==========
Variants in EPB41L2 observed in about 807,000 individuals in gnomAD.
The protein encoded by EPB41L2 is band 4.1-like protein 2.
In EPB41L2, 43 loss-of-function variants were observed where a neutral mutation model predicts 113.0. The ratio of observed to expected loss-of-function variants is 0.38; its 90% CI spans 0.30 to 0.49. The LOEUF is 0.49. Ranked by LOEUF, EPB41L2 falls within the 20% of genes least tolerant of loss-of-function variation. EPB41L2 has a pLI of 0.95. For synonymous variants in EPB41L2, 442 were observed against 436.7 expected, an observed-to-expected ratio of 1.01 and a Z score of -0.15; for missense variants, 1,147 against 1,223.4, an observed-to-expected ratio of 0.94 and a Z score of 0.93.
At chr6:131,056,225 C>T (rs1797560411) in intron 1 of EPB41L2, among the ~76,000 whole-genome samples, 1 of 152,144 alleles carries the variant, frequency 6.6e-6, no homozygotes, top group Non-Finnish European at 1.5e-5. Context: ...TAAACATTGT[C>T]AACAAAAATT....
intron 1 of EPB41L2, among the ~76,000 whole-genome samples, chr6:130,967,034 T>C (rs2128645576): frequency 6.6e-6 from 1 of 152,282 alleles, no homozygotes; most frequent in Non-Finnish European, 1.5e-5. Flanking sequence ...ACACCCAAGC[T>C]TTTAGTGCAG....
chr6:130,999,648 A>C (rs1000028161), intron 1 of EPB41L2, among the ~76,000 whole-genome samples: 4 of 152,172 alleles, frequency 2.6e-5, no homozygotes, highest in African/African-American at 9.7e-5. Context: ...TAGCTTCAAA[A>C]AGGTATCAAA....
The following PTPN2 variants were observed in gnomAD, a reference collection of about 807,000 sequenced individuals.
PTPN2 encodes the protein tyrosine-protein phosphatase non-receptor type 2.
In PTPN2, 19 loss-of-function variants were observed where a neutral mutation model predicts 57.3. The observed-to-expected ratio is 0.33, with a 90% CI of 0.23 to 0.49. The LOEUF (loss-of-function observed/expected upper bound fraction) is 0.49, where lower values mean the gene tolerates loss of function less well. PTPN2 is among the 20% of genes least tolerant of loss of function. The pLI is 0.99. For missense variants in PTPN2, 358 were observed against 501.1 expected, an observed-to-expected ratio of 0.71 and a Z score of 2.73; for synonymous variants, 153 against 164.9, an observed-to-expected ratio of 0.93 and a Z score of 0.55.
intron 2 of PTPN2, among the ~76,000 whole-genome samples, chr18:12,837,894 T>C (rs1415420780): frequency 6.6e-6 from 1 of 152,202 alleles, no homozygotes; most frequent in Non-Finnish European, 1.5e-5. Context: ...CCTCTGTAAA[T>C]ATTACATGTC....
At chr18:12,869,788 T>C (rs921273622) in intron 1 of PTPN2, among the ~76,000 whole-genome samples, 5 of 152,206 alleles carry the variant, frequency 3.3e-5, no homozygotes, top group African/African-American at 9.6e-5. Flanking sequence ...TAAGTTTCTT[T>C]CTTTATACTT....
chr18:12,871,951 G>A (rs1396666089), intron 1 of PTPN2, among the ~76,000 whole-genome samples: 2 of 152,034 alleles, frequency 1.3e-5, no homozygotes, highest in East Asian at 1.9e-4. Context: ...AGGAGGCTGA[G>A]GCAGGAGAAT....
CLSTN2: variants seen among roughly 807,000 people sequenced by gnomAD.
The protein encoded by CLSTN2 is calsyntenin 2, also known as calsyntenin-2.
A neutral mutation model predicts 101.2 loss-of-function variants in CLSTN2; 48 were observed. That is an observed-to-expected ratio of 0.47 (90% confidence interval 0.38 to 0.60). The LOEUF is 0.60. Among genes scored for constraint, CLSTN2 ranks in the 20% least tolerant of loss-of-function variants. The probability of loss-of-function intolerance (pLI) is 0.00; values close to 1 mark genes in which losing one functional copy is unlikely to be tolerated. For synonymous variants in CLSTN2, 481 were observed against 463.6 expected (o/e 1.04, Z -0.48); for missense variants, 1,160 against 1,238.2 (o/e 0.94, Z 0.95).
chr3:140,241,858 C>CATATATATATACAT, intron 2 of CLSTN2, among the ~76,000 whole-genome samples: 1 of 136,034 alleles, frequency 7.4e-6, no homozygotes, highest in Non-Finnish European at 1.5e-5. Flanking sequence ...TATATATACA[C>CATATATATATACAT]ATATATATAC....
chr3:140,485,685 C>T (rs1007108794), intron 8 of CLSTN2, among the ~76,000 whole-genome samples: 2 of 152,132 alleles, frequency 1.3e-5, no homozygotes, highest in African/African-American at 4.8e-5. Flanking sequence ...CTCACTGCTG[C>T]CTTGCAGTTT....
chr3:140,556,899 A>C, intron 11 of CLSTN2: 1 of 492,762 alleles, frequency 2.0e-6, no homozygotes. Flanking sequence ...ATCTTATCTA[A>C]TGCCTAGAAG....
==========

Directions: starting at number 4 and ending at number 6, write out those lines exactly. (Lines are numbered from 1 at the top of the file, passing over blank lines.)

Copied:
At chr6:131,056,225 C>T (rs1797560411) in intron 1 of EPB41L2, among the ~76,000 whole-genome samples, 1 of 152,144 alleles carries the variant, frequency 6.6e-6, no homozygotes, top group Non-Finnish European at 1.5e-5. Context: ...TAAACATTGT[C>T]AACAAAAATT....
intron 1 of EPB41L2, among the ~76,000 whole-genome samples, chr6:130,967,034 T>C (rs2128645576): frequency 6.6e-6 from 1 of 152,282 alleles, no homozygotes; most frequent in Non-Finnish European, 1.5e-5. Flanking sequence ...ACACCCAAGC[T>C]TTTAGTGCAG....
chr6:130,999,648 A>C (rs1000028161), intron 1 of EPB41L2, among the ~76,000 whole-genome samples: 4 of 152,172 alleles, frequency 2.6e-5, no homozygotes, highest in African/African-American at 9.7e-5. Context: ...TAGCTTCAAA[A>C]AGGTATCAAA....